Archaeological Park of Locri

Locri, Italy

The remains of the Greek settlement in the locality of Centocamere, and those of the Tempio di Marasà, which have yielded a great variety of relics related to religion, art, and culture, have more recently been added to those of a sanctuary dedicated to Demetra Thesmophoros, stretches of the Greek city walls, and significant monumental evidence from the Roman Imperial age, such as the Museale Casinò Macrì complex.

In the first half of the fifth century BC, the Locrians demolished their archaic temple and rebuilt a new temple in the Ionic style. The temple was designed by Syracusan architects around 470 BC, based on the idea of Hiero I of Syracuse.

The new temple occupies the same place as the previous one but it has a different orientation. The temple was destroyed in the 11th century. The dimensions of the temple were 45.5 by 19.8 metres. The cella is free of supports on the central axes. The pronaos had two columns. The temple has seventeen Ionic columns on the long side, and six on the front. The height of the temple was 12 metres.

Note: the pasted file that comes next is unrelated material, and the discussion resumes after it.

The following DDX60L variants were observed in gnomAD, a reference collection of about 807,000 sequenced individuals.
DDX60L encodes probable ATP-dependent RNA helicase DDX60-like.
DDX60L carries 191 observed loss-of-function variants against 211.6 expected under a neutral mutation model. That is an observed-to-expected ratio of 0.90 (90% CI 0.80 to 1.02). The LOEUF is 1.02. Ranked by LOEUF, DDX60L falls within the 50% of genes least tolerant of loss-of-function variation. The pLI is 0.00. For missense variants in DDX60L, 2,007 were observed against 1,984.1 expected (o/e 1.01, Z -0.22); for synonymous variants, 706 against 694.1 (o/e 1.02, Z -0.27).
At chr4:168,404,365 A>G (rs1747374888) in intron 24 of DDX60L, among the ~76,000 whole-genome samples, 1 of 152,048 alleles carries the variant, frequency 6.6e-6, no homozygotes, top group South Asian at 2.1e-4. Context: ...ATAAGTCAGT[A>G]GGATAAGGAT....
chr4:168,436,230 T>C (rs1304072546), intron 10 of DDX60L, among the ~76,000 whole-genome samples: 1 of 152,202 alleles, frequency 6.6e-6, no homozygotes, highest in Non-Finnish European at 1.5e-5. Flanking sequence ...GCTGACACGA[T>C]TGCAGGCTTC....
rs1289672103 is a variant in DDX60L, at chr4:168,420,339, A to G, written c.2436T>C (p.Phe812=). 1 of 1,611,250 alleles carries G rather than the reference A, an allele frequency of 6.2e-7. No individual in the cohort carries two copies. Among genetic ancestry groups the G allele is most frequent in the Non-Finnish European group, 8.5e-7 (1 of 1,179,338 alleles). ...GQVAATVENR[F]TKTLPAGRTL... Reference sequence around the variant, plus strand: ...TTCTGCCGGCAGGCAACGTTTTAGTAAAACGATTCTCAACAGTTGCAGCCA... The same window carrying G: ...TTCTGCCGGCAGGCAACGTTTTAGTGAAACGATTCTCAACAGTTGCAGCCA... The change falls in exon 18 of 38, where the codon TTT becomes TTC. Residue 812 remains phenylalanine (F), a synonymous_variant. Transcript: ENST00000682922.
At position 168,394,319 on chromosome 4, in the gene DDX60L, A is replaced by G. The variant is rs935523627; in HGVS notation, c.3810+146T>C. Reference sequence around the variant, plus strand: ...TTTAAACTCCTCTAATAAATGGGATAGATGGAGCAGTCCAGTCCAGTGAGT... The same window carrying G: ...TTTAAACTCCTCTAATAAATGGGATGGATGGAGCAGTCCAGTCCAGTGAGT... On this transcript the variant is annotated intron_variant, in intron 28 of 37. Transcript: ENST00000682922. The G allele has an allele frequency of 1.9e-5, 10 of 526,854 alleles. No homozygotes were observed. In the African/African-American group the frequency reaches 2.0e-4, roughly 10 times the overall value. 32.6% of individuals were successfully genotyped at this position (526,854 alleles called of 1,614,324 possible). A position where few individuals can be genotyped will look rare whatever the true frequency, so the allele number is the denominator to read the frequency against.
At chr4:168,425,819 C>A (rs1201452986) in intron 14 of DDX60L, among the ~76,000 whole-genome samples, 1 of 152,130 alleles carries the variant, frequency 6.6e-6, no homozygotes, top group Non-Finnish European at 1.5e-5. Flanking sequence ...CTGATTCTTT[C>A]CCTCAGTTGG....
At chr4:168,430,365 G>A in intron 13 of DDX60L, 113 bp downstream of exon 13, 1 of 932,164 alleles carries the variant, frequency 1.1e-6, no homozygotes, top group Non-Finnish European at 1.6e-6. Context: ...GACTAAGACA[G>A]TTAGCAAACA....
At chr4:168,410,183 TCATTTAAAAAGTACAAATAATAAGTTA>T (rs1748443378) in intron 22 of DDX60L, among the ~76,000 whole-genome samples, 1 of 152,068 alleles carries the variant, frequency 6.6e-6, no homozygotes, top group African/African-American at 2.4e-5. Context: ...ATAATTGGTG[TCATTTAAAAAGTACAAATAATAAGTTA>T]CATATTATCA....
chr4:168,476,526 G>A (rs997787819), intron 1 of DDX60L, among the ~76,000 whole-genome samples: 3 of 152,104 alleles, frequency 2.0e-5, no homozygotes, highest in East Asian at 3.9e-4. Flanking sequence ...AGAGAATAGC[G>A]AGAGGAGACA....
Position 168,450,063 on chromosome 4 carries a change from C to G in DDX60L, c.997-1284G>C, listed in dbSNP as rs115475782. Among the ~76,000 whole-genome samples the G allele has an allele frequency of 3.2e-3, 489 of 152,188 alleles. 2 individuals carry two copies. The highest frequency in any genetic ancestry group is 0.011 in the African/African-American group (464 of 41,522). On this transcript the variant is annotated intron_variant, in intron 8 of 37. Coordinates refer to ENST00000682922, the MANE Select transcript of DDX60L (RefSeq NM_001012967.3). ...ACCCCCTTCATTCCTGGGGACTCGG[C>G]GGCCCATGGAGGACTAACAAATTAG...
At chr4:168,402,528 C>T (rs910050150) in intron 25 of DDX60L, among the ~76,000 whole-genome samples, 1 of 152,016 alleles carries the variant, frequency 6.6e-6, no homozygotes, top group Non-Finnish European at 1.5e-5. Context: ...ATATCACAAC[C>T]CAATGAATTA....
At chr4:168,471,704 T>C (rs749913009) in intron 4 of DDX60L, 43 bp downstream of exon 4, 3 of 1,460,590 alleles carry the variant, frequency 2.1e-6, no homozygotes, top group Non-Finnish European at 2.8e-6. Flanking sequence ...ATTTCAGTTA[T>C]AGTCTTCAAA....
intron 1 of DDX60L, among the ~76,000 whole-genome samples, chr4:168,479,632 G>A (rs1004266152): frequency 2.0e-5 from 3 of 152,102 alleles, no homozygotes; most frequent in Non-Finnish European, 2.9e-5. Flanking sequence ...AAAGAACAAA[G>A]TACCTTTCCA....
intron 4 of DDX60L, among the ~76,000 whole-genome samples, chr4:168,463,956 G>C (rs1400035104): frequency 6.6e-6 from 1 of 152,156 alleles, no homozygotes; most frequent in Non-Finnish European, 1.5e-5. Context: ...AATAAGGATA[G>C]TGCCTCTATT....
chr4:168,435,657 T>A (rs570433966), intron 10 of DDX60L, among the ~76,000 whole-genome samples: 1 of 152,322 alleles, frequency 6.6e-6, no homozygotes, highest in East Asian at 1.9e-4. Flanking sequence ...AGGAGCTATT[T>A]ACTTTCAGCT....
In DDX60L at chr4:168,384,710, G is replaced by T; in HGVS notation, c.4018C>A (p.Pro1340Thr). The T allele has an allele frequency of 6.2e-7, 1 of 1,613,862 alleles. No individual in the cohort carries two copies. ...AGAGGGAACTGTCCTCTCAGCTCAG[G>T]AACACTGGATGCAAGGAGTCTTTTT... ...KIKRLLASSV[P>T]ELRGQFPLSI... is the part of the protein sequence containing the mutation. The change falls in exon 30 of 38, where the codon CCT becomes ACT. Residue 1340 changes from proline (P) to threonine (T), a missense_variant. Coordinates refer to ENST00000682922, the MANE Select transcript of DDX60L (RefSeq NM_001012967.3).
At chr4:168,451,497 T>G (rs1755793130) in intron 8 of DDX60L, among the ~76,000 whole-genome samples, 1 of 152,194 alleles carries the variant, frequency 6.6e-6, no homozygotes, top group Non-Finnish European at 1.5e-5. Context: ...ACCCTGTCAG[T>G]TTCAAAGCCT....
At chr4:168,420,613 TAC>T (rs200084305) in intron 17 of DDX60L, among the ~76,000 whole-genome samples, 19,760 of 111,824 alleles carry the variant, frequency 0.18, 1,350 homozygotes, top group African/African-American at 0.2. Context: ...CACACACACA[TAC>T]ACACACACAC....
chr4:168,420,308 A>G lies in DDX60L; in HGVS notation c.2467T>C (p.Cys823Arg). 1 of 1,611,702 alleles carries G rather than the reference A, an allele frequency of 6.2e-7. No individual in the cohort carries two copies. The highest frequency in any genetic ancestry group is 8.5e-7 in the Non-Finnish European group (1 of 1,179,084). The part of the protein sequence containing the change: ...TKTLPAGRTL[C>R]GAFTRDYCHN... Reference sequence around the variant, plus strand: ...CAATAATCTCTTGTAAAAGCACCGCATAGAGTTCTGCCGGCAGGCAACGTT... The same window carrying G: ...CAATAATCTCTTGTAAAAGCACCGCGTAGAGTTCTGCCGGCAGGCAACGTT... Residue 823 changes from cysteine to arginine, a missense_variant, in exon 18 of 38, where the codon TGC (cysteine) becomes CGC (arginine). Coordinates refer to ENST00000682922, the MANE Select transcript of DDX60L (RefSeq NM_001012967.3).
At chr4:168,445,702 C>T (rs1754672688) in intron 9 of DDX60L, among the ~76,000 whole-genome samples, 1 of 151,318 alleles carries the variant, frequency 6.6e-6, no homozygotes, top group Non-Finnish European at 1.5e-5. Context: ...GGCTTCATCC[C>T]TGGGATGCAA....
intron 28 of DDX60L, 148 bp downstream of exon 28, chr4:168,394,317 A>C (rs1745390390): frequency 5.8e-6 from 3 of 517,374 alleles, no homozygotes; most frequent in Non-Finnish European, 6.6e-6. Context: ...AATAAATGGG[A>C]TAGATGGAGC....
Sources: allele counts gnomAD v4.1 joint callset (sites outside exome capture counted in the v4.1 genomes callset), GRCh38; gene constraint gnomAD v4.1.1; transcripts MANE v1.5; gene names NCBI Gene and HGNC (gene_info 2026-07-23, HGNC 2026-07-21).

The theatre was built in the fourth century BC not far from the ancient city, in the Contrada Pirettina, taking advantage of a hillside slope. The original structure had space for more than 4,500 people; now only the central part of the theatre is visible. Part of the Cavea was cut into the rocks. Each plane was divided in 7 wedges between 6 scales. A horizontal separation divided the upper theater from the lower theatre.

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Address

Contrada Parapezzi, Locri, Italy
See all sites in Locri

Details

Founded: 5th century BCE
Category: Prehistoric and archaeological sites in Italy

Rating

4.2/5 (based on Google user reviews)

User Reviews

Thomas Laureyssens (12 months ago)
The texts are almost bleached away by the sun but it’s beautiful and inspiring to walk around this huge park.
Andrea Guatteri (13 months ago)
Great site
John Connor (2 years ago)
Barely looked after!
Paka Buraka (3 years ago)
Museum is quite old fashioned and with only less important artifacts, because many of the were moved to Reggio Calabria. Archeological Park is well described, but remaining ruins are very devastated and usually barely go upper than base. It's very hard to imagine the whole place and I would recommend it for people more interested in the subject and someone who likes longer walks around piles of stones.
Simon Camilleri (3 years ago)
This museum needs a lift up, it is too abandoned on the outside. Inside the museum is a bit better.
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